Saturday 27th September, 2008


My Mother’s Son creates high expectations

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Suzanne Bhagan

After reading the introduction of My Mother’s Son, you wonder whether this writer is just all bravado or really talented. Bajan author Jeremy Davis, a student at the University of the Southern Caribbean, creates high expectations, deeming his work “the most urban satire ever written” and “telling a story seldom heard.” My Mother’s Son is this English major’s first novel and Davis intends to publish five by age 25.

You can probably finish this short story during rush hour on the Port-of-Spain to San Fernando route. The plot races, with outlandish events occurring in a matter of days.

His story is simple but with a message —don’t sell out to society or you lose the things you hold dear. It’s the story of the ordinary university student, Sky, whose life is turned upside down by the opposite sex and a secret society, Alpha Theta Gamma (ATG). Unfortunately, Sky can only choose one. The plot starts slowly but takes a crazy turn in chapter five. The novel ends with a bang. Literally. Sky realises that he is no longer his mother’s son, having abandoned the values she taught him.

Although a work of fiction, sometimes, the novel reads like the realisation of the fantasies shared by many a twenty-something-year-old male. The only character we really get to know is Sky, through his extensive inner monologues.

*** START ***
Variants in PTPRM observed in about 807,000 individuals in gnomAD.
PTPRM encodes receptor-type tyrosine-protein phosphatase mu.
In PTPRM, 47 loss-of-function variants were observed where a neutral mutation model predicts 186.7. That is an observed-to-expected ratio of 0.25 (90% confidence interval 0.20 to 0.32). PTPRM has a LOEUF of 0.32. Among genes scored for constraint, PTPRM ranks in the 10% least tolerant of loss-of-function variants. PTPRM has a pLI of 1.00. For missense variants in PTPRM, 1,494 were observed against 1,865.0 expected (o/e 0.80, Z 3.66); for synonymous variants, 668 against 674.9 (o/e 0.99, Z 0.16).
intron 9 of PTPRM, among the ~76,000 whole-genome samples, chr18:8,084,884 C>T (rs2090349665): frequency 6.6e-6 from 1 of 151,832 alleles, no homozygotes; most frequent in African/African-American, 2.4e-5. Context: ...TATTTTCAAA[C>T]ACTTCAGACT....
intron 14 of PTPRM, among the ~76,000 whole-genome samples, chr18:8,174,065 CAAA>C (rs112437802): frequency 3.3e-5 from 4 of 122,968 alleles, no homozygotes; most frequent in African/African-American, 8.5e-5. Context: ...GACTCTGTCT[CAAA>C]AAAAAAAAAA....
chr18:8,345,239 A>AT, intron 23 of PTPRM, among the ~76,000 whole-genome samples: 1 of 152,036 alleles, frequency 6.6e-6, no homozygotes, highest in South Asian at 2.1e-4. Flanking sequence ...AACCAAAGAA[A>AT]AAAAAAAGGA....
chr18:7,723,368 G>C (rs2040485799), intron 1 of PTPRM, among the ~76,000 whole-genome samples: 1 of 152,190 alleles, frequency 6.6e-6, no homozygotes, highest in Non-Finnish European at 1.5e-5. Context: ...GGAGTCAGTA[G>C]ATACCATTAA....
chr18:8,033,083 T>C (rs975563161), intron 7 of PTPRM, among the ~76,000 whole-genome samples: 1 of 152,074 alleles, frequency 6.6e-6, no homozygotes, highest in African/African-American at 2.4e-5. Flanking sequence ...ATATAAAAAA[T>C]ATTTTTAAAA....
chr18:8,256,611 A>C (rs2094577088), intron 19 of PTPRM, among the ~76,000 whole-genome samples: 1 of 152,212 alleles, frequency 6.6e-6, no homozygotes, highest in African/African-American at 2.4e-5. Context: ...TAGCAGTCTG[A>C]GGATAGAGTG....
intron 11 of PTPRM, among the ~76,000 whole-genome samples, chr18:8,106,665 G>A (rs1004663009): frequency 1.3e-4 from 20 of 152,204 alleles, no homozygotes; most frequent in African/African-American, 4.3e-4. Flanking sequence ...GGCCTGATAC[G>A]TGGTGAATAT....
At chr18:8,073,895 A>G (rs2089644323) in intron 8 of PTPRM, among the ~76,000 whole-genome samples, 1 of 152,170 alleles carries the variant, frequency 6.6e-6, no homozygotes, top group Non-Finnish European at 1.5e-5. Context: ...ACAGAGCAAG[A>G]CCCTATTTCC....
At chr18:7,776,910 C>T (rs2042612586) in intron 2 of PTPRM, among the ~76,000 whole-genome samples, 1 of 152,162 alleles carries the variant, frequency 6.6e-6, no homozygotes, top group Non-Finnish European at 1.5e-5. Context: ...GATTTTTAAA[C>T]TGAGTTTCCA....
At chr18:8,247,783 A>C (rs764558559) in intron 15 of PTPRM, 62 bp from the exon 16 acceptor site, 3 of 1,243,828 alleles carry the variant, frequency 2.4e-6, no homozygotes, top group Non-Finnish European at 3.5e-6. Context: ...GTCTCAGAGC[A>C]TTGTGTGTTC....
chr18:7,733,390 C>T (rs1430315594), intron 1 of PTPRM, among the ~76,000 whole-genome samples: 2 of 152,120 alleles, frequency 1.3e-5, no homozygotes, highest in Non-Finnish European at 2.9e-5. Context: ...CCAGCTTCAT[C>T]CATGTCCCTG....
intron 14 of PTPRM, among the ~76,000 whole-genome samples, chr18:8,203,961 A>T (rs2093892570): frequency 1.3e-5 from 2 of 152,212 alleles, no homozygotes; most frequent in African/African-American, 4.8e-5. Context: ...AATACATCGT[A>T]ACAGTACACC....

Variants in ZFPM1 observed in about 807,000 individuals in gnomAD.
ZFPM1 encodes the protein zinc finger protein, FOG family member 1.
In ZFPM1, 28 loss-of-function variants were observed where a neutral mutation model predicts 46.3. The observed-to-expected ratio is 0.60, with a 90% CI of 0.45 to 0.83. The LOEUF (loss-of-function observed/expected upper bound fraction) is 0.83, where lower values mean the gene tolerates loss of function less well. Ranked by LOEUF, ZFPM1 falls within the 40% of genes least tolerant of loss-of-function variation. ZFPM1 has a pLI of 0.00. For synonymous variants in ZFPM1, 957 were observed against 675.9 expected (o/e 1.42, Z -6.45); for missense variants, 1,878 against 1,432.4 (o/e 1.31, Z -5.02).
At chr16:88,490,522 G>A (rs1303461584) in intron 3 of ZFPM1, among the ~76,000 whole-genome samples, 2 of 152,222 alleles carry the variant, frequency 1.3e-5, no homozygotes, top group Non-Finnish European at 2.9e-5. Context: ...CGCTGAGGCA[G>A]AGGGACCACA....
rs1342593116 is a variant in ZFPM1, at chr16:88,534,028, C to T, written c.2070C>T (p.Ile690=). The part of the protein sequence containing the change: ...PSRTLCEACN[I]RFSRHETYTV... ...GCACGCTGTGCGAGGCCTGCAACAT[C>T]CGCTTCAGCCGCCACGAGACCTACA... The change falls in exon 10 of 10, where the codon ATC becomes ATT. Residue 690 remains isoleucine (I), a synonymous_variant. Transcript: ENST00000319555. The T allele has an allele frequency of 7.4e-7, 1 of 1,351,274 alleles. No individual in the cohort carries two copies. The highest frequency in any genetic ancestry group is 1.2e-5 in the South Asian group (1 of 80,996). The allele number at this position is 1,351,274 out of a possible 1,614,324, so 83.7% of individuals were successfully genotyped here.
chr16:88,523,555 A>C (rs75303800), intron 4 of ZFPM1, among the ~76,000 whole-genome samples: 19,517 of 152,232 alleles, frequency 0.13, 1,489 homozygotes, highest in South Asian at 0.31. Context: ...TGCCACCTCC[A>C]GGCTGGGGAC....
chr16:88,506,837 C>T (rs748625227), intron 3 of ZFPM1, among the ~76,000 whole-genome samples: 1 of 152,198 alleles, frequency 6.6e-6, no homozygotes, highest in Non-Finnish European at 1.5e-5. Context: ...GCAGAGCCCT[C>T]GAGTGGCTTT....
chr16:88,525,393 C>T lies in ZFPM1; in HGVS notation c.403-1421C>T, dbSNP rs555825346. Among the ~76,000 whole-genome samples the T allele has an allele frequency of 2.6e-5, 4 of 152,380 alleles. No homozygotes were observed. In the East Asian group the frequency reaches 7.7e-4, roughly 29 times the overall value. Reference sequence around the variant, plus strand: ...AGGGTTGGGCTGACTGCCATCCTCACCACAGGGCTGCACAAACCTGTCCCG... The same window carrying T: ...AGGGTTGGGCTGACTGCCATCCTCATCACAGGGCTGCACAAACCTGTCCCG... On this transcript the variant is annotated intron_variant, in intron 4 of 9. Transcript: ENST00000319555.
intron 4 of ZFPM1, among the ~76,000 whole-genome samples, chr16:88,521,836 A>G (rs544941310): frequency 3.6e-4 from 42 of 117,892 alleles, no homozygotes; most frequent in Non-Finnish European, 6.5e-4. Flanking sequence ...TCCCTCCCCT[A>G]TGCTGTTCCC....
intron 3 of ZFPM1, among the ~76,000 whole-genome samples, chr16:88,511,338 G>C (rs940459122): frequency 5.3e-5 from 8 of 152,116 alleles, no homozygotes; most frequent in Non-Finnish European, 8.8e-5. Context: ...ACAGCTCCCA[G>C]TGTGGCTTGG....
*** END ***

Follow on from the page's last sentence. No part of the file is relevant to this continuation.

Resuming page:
All other protagonists remain cardboard stiff, even his love interest, Star Davis’ conversational writing style is effective in advancing the plot. Apart from the overriding theme of conflict between the individual and society, Davis wrestles with universal issues like understanding women and the psyche of the Caribbean man.

The local reader may start hearing Sky declarations about some Trini boys at the bus stop, “They don’t look like they were going anywhere but then again no one in Trinidad ever does. Everyone always seems to look so stagnant and inactive. Or as they call it: Everyone is liming.” The text, although dominated by local patois and urban speech, could benefit from editing. Overall, the book was as gripping as a James Bond film—a typical thriller plot based on home turf. The text is riddled with contemporary urban cultural references like Kanye’s lyrics and local landmarks like Bootleggers at Trincity Mall.

If Davis really wants to win that Pulitzer or Nobel by age 29, then he must plod on! Good effort though, for a first novel.

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